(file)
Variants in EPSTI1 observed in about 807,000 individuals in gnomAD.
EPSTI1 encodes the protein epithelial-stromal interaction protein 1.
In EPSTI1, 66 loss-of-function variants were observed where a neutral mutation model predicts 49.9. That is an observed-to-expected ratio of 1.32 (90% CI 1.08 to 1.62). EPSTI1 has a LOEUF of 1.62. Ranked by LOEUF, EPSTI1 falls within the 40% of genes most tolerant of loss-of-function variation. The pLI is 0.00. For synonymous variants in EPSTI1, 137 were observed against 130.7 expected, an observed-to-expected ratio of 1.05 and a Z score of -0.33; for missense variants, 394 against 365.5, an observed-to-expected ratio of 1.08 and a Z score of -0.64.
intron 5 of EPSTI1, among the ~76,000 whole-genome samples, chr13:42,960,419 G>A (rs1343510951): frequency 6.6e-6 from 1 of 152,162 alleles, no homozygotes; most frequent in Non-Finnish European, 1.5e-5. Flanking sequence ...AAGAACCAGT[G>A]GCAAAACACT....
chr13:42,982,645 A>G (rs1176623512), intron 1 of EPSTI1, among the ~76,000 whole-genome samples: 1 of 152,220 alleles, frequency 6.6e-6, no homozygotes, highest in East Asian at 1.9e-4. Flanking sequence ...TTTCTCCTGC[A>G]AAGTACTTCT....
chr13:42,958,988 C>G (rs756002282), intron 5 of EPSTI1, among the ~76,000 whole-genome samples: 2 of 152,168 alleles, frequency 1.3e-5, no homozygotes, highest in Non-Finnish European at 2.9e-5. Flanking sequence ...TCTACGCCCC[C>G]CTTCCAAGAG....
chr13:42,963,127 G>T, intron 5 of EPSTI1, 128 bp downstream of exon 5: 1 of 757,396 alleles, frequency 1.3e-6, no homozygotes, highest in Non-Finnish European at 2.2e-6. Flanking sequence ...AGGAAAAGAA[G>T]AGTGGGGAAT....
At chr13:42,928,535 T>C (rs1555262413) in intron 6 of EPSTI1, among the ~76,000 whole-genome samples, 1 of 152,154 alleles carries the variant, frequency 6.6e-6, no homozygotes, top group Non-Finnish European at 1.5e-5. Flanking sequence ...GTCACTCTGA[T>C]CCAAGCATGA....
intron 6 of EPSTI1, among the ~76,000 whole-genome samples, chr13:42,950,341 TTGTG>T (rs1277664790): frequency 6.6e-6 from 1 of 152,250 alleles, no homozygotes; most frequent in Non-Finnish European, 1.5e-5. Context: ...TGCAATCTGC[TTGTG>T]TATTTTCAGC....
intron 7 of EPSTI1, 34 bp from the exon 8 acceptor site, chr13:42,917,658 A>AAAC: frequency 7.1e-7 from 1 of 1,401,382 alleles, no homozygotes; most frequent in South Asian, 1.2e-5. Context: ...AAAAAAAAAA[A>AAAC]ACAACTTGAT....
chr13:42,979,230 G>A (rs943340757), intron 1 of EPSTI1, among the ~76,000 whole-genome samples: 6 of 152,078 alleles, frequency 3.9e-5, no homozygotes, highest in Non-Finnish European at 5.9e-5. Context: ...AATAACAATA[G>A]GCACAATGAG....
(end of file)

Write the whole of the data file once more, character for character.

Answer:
Variants in EPSTI1 observed in about 807,000 individuals in gnomAD.
EPSTI1 encodes the protein epithelial-stromal interaction protein 1.
In EPSTI1, 66 loss-of-function variants were observed where a neutral mutation model predicts 49.9. That is an observed-to-expected ratio of 1.32 (90% CI 1.08 to 1.62). EPSTI1 has a LOEUF of 1.62. Ranked by LOEUF, EPSTI1 falls within the 40% of genes most tolerant of loss-of-function variation. The pLI is 0.00. For synonymous variants in EPSTI1, 137 were observed against 130.7 expected, an observed-to-expected ratio of 1.05 and a Z score of -0.33; for missense variants, 394 against 365.5, an observed-to-expected ratio of 1.08 and a Z score of -0.64.
intron 5 of EPSTI1, among the ~76,000 whole-genome samples, chr13:42,960,419 G>A (rs1343510951): frequency 6.6e-6 from 1 of 152,162 alleles, no homozygotes; most frequent in Non-Finnish European, 1.5e-5. Flanking sequence ...AAGAACCAGT[G>A]GCAAAACACT....
chr13:42,982,645 A>G (rs1176623512), intron 1 of EPSTI1, among the ~76,000 whole-genome samples: 1 of 152,220 alleles, frequency 6.6e-6, no homozygotes, highest in East Asian at 1.9e-4. Flanking sequence ...TTTCTCCTGC[A>G]AAGTACTTCT....
chr13:42,958,988 C>G (rs756002282), intron 5 of EPSTI1, among the ~76,000 whole-genome samples: 2 of 152,168 alleles, frequency 1.3e-5, no homozygotes, highest in Non-Finnish European at 2.9e-5. Flanking sequence ...TCTACGCCCC[C>G]CTTCCAAGAG....
chr13:42,963,127 G>T, intron 5 of EPSTI1, 128 bp downstream of exon 5: 1 of 757,396 alleles, frequency 1.3e-6, no homozygotes, highest in Non-Finnish European at 2.2e-6. Flanking sequence ...AGGAAAAGAA[G>T]AGTGGGGAAT....
At chr13:42,928,535 T>C (rs1555262413) in intron 6 of EPSTI1, among the ~76,000 whole-genome samples, 1 of 152,154 alleles carries the variant, frequency 6.6e-6, no homozygotes, top group Non-Finnish European at 1.5e-5. Flanking sequence ...GTCACTCTGA[T>C]CCAAGCATGA....
intron 6 of EPSTI1, among the ~76,000 whole-genome samples, chr13:42,950,341 TTGTG>T (rs1277664790): frequency 6.6e-6 from 1 of 152,250 alleles, no homozygotes; most frequent in Non-Finnish European, 1.5e-5. Context: ...TGCAATCTGC[TTGTG>T]TATTTTCAGC....
intron 7 of EPSTI1, 34 bp from the exon 8 acceptor site, chr13:42,917,658 A>AAAC: frequency 7.1e-7 from 1 of 1,401,382 alleles, no homozygotes; most frequent in South Asian, 1.2e-5. Context: ...AAAAAAAAAA[A>AAAC]ACAACTTGAT....
chr13:42,979,230 G>A (rs943340757), intron 1 of EPSTI1, among the ~76,000 whole-genome samples: 6 of 152,078 alleles, frequency 3.9e-5, no homozygotes, highest in Non-Finnish European at 5.9e-5. Context: ...AATAACAATA[G>A]GCACAATGAG....